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About spinningearthelements

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  1. I know this is an old thread, but I wanted to share.... I have had really great results with the Amaco Potter's Choice line. I teach HS Ceramics, and these are the "lowest maintenance" glazes I can find that consistently turn out with great results. AS to the questions about the metallic glazes, as someone else mentioned on here.... you do need GENEROUS coats. I teach my students to paint glaze by first showing them that one of the mistakes people make is in "drying off" their brushes. You've got to have a fair amount of glaze on your brush in order to get it on to your pot properly. I have had beautiful results with all 3 of the metallics from this line... palladium included. (Note: all of these are CL glazes... I require my students to wear gloves as a precautionary, and the palladium is not food safe.... they are only allowed to apply it to sculptural items.) Really can't stress enough how important it is to apply these babies with generous coats. Also, experiment with the clay bodies. Our "regular classroom clay" is Standard's #153 Buff Stoneware, and we fire to cone 5 at a slow glaze speed.... the glazes need time to mature and melt properly. If you are having pinhole problems, you can try a "soak" at the end of your firing. My distributor and (wonderful clay/glaze/kiln goddess friend) recommended a 10 minute soak at the end of the firing. Worked wonders! I don't recommend this with "runny" glazes, but it seemed to create some nice effects with the metallic glazes. We also use various other clay bodies by Standard.... you will notice quite a difference on the lighter/white bodies compared to the darker bodies. My students really enjoy experimenting with test tiles to see what layering glazes look like. Amaco has a great site that shows various combos of their PC line.... We've achieved many of the same results. HOpe this helps.... I know I'm late in adding my 2 cents. Hopefully you have all had happy results since your last posts! Dawn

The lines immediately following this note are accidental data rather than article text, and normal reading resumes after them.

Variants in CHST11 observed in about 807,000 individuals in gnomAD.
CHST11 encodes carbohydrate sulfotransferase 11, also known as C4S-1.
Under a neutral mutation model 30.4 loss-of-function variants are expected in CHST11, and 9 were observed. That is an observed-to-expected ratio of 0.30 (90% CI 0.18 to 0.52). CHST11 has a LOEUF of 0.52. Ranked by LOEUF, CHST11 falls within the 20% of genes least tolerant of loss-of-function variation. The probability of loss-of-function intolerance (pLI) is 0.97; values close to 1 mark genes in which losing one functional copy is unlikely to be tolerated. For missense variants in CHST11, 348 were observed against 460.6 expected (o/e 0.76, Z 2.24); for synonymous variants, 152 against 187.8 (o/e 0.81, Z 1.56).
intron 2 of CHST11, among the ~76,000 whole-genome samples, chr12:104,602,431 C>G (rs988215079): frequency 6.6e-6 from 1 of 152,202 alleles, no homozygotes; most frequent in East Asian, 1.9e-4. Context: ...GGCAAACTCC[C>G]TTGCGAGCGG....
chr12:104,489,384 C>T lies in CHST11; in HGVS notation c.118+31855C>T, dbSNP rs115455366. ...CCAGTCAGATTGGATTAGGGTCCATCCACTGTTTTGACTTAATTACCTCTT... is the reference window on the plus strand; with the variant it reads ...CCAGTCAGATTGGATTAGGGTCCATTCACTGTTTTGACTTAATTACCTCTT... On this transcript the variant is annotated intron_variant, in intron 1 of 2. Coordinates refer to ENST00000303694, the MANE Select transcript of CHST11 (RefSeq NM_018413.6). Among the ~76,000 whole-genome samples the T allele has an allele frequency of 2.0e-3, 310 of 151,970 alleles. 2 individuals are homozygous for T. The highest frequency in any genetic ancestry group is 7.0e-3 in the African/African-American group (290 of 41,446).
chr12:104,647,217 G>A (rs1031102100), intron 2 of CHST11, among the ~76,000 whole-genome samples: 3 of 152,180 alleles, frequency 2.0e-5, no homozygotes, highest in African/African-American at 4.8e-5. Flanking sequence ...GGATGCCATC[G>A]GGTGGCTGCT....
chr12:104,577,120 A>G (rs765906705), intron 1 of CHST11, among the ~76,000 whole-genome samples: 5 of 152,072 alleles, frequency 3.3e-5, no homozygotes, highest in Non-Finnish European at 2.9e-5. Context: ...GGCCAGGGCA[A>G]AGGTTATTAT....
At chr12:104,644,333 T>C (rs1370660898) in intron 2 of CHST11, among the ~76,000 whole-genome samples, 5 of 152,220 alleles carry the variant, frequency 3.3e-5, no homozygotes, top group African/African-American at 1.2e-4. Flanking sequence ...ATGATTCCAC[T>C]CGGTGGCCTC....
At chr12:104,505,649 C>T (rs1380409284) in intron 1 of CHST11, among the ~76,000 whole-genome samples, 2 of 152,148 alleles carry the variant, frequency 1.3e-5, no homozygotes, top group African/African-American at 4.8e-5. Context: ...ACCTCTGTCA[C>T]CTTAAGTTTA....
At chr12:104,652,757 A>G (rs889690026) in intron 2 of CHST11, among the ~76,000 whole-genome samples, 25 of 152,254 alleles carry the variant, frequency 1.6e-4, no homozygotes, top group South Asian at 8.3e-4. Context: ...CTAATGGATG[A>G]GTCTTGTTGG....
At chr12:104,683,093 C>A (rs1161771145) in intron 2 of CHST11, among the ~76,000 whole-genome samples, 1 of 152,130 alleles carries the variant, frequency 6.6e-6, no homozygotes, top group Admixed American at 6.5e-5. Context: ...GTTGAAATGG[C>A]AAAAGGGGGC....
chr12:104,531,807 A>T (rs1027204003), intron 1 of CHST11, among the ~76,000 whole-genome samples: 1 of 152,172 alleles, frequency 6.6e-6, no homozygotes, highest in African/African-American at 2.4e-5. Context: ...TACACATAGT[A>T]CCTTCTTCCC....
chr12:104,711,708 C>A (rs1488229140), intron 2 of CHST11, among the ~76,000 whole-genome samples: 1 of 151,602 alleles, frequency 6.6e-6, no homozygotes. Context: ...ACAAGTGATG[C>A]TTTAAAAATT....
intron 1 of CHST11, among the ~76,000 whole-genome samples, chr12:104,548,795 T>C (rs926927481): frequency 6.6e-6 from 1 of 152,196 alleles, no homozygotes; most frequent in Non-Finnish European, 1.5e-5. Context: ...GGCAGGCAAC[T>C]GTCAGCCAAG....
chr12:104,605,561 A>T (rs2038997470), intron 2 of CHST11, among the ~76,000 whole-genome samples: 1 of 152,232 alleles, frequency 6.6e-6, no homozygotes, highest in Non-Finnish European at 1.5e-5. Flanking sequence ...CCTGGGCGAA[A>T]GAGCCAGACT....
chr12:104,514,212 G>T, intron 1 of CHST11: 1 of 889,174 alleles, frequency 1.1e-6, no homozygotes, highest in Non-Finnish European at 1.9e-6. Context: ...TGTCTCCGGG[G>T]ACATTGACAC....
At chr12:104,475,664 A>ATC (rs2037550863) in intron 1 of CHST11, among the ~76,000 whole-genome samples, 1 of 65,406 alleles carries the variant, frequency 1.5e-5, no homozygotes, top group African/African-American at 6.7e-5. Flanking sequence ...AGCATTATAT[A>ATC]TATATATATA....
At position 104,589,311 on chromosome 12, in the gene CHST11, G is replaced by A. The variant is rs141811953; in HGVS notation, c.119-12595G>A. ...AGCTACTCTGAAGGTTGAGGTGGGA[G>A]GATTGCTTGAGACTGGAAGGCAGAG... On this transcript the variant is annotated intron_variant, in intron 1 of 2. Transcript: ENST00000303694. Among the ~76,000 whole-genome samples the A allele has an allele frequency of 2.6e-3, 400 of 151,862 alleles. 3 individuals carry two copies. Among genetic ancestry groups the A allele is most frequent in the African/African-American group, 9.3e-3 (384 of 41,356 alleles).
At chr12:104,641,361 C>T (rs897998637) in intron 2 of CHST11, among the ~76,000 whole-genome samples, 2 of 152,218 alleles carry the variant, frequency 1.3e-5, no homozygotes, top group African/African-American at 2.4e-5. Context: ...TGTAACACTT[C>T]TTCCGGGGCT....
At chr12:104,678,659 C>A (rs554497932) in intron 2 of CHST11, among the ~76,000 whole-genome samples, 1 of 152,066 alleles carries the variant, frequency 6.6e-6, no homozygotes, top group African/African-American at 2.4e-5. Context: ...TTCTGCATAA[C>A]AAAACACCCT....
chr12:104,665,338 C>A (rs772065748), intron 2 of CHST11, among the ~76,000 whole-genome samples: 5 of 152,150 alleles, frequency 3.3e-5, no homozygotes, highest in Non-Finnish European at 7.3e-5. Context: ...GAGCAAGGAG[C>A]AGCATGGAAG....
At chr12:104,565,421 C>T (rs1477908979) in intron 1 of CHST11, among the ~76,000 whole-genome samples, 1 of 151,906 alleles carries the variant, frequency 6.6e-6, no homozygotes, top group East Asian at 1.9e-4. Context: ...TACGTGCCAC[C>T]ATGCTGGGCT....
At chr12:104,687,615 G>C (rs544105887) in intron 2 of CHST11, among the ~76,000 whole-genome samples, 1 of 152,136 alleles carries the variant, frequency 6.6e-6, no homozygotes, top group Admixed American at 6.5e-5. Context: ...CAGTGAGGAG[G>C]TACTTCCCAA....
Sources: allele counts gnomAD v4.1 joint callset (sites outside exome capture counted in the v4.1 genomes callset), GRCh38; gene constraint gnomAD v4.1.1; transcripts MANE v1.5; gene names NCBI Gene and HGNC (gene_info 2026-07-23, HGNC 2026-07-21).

2. Raku Using Ferric Cloride

    Are you trying to do the ferric chloride over a raku glaze, or on the bare clay?
  3. Crushed Glass And Ceramics

    I saw this thread and thought I'd share some info, although I apologize for not having anything technical. We've (I teach HS ceramics) done decorative pieces with melted glass beads (the kind you typically see in flower vases). Since we're only firing to Cone 5, we're not getting a full melt and the glass is not thoroughly bonded with the pieces. I've found that the clear glass makes a nice crackle on forms with a medium to light colored glaze. I see some excellent advice above about testing to see how much the glass bonds with the glaze. For interesting FYI, look up Steven Forbes-deSoule's Raku work. He has melted stained glass at the top of some of his really rounded forms in a Raku fire. The temps of the firings he was doing in our workshop ranged from 1800 to 2000. ( : Happy experimenting!